MacSim is a cycle-accurate simulator for real-time many-core processors with a large number of cores.
It simulates embedded real-time systems, where a predictable execution time, high performance and small energy consumption are the predominant requirements. To meet these requirements, many simple and energy-efficient processing cores are connected by a real-time network (real-time NoC). By specialising to such architectures, the simulation can be tremendously accelerated, enabling the cycle-accurate simulation of architectures with large core numbers.
Unlike other many-core simulators, only simple in-order cores are supported. Chip area intensive techniques like out-of-order execution, speculative branch prediction, shared memory and a complex memory hierarchy with multiple cache stages requiring a coherence protocol are explicitly avoided.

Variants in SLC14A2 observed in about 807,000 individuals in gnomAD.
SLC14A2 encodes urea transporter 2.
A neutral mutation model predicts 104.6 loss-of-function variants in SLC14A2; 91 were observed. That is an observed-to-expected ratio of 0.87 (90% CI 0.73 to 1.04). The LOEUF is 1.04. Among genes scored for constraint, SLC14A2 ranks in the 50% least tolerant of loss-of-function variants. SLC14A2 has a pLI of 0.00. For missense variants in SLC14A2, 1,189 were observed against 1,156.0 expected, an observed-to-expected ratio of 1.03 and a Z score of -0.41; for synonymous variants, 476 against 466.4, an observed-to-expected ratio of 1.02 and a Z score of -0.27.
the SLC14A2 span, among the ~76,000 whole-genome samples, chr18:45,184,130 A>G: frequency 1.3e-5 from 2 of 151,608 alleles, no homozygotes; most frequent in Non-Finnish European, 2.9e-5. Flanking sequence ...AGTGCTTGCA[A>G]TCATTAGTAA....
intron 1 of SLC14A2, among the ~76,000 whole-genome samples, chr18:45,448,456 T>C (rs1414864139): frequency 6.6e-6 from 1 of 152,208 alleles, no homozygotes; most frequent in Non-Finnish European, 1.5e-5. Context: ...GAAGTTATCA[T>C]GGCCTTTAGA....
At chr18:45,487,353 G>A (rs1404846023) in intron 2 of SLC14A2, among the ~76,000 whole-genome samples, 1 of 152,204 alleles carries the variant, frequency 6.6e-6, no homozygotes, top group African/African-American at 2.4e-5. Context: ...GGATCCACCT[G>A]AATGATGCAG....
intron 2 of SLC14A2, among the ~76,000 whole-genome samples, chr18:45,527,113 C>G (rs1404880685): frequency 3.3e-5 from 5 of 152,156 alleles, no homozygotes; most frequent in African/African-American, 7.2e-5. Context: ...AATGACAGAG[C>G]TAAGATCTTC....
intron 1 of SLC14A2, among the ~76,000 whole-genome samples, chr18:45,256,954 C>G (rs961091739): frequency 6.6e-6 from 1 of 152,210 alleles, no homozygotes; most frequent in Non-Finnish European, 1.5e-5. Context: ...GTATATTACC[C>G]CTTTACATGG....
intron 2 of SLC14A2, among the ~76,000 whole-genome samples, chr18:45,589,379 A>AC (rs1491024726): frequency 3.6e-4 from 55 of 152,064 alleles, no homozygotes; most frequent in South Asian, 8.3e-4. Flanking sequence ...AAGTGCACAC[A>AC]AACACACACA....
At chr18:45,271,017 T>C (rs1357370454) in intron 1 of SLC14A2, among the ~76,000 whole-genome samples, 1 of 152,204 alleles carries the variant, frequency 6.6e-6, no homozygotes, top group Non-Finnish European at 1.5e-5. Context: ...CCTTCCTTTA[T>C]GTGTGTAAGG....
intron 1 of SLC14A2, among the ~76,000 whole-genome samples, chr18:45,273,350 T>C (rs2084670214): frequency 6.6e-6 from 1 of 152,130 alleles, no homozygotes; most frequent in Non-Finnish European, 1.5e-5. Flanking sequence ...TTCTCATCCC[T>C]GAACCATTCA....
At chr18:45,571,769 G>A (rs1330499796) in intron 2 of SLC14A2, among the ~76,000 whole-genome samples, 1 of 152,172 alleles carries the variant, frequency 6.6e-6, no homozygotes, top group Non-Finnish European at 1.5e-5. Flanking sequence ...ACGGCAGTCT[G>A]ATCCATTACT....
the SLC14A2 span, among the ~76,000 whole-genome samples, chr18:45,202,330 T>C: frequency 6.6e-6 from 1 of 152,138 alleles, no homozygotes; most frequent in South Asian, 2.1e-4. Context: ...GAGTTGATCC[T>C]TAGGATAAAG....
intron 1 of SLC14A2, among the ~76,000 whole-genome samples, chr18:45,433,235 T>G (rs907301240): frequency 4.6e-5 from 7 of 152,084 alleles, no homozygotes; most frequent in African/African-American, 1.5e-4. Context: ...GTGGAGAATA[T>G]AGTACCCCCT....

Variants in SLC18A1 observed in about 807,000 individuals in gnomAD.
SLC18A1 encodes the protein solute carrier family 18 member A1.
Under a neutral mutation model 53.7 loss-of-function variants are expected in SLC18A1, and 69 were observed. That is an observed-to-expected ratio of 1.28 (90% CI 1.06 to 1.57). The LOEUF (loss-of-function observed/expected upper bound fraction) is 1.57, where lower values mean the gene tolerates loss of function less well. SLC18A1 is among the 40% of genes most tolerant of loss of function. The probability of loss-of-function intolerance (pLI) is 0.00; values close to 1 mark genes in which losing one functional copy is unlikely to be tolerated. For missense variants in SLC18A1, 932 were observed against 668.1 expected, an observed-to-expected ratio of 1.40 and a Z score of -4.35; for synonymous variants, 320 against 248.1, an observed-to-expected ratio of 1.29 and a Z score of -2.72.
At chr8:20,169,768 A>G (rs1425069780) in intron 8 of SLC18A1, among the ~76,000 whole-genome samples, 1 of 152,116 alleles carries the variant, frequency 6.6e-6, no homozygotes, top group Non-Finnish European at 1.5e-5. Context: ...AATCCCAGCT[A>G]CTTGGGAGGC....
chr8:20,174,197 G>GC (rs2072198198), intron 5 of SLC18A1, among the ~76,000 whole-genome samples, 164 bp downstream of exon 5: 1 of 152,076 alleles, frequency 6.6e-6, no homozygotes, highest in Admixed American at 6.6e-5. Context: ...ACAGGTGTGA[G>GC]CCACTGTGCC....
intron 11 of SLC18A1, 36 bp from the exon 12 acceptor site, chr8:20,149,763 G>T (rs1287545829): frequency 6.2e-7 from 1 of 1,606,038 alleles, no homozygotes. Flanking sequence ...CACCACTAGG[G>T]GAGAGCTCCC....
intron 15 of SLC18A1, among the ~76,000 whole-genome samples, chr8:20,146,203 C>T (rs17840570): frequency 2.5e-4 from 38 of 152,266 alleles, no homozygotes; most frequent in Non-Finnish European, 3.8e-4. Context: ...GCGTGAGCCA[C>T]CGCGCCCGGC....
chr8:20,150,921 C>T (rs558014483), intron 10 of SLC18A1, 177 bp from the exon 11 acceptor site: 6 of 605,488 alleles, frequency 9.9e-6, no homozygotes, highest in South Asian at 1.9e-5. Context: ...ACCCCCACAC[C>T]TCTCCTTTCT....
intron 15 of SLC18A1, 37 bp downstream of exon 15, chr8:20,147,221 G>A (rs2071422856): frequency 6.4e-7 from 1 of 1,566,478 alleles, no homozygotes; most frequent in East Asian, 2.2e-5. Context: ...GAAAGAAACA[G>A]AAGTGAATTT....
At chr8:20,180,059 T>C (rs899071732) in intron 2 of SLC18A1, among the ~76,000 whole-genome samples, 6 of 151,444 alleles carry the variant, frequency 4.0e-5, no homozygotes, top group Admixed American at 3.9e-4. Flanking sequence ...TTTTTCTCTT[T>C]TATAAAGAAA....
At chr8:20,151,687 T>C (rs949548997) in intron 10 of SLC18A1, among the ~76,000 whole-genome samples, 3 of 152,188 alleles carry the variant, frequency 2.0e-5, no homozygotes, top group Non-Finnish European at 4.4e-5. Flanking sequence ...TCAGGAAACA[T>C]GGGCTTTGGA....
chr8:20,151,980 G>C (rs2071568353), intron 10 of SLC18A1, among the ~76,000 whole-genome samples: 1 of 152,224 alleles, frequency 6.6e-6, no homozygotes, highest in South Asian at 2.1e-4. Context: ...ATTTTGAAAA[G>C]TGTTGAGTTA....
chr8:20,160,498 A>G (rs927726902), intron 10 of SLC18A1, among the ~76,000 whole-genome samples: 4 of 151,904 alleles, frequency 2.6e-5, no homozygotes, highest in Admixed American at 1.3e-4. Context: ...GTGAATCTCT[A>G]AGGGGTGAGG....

Simple cores increase the execution time per core, but due to the smaller area demand more cores fit on one chip. Furthermore small cores are more energy-efficient and the worst case execution time (WCET) analysis is simplified. Therefore this architecture model particularly suits the above mentioned requirements of embedded systems, where chip area, energy consumption and real-time capability are more important than sequential execution time.
As only network messages allow an interaction between cores, a single core can be simulated fast, exact and relatively independent of the other cores, providing high simulation speed. Restriction to real-time capable algorithms for communication further speed up the simulation, because real-time networks are less dynamic than standard networks, collisions are widely avoided and communication times can be statically fixed.
MacSim's aim is to achieve a cycle-accurate simulation that is identical to the real execution times of a real many core implemented in an FPGA.